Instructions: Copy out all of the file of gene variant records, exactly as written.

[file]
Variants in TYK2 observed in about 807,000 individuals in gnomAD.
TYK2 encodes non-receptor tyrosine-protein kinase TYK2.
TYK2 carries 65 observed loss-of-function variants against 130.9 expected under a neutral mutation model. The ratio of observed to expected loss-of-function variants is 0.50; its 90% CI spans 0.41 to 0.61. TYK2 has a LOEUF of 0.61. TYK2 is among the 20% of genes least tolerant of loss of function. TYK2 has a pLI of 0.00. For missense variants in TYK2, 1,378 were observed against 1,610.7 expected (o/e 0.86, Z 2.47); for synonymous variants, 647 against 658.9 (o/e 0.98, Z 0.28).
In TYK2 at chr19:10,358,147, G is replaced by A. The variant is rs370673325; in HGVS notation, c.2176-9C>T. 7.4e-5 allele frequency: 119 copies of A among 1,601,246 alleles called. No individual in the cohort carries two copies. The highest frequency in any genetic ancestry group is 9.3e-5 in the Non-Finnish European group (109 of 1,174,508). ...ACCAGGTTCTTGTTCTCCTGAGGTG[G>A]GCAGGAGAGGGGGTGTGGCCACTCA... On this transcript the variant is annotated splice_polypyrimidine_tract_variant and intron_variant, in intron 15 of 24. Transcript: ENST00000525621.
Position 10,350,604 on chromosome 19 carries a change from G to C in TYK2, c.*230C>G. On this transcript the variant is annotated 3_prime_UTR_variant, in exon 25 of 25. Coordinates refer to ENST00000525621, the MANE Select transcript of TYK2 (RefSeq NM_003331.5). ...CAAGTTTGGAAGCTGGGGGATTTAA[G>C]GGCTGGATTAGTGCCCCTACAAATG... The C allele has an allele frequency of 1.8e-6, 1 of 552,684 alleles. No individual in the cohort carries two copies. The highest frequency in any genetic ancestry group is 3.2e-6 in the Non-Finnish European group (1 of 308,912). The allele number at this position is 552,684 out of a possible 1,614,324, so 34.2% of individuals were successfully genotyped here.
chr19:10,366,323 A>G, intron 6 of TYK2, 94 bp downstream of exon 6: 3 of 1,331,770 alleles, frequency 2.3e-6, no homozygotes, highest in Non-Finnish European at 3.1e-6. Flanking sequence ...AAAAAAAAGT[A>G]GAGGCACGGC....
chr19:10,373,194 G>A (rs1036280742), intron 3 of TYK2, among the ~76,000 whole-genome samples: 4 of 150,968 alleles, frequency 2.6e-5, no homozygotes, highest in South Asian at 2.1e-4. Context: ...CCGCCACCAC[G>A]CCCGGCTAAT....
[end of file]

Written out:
Variants in TYK2 observed in about 807,000 individuals in gnomAD.
TYK2 encodes non-receptor tyrosine-protein kinase TYK2.
TYK2 carries 65 observed loss-of-function variants against 130.9 expected under a neutral mutation model. The ratio of observed to expected loss-of-function variants is 0.50; its 90% CI spans 0.41 to 0.61. TYK2 has a LOEUF of 0.61. TYK2 is among the 20% of genes least tolerant of loss of function. TYK2 has a pLI of 0.00. For missense variants in TYK2, 1,378 were observed against 1,610.7 expected (o/e 0.86, Z 2.47); for synonymous variants, 647 against 658.9 (o/e 0.98, Z 0.28).
In TYK2 at chr19:10,358,147, G is replaced by A. The variant is rs370673325; in HGVS notation, c.2176-9C>T. 7.4e-5 allele frequency: 119 copies of A among 1,601,246 alleles called. No individual in the cohort carries two copies. The highest frequency in any genetic ancestry group is 9.3e-5 in the Non-Finnish European group (109 of 1,174,508). ...ACCAGGTTCTTGTTCTCCTGAGGTG[G>A]GCAGGAGAGGGGGTGTGGCCACTCA... On this transcript the variant is annotated splice_polypyrimidine_tract_variant and intron_variant, in intron 15 of 24. Transcript: ENST00000525621.
Position 10,350,604 on chromosome 19 carries a change from G to C in TYK2, c.*230C>G. On this transcript the variant is annotated 3_prime_UTR_variant, in exon 25 of 25. Coordinates refer to ENST00000525621, the MANE Select transcript of TYK2 (RefSeq NM_003331.5). ...CAAGTTTGGAAGCTGGGGGATTTAA[G>C]GGCTGGATTAGTGCCCCTACAAATG... The C allele has an allele frequency of 1.8e-6, 1 of 552,684 alleles. No individual in the cohort carries two copies. The highest frequency in any genetic ancestry group is 3.2e-6 in the Non-Finnish European group (1 of 308,912). The allele number at this position is 552,684 out of a possible 1,614,324, so 34.2% of individuals were successfully genotyped here.
chr19:10,366,323 A>G, intron 6 of TYK2, 94 bp downstream of exon 6: 3 of 1,331,770 alleles, frequency 2.3e-6, no homozygotes, highest in Non-Finnish European at 3.1e-6. Flanking sequence ...AAAAAAAAGT[A>G]GAGGCACGGC....
chr19:10,373,194 G>A (rs1036280742), intron 3 of TYK2, among the ~76,000 whole-genome samples: 4 of 150,968 alleles, frequency 2.6e-5, no homozygotes, highest in South Asian at 2.1e-4. Context: ...CCGCCACCAC[G>A]CCCGGCTAAT....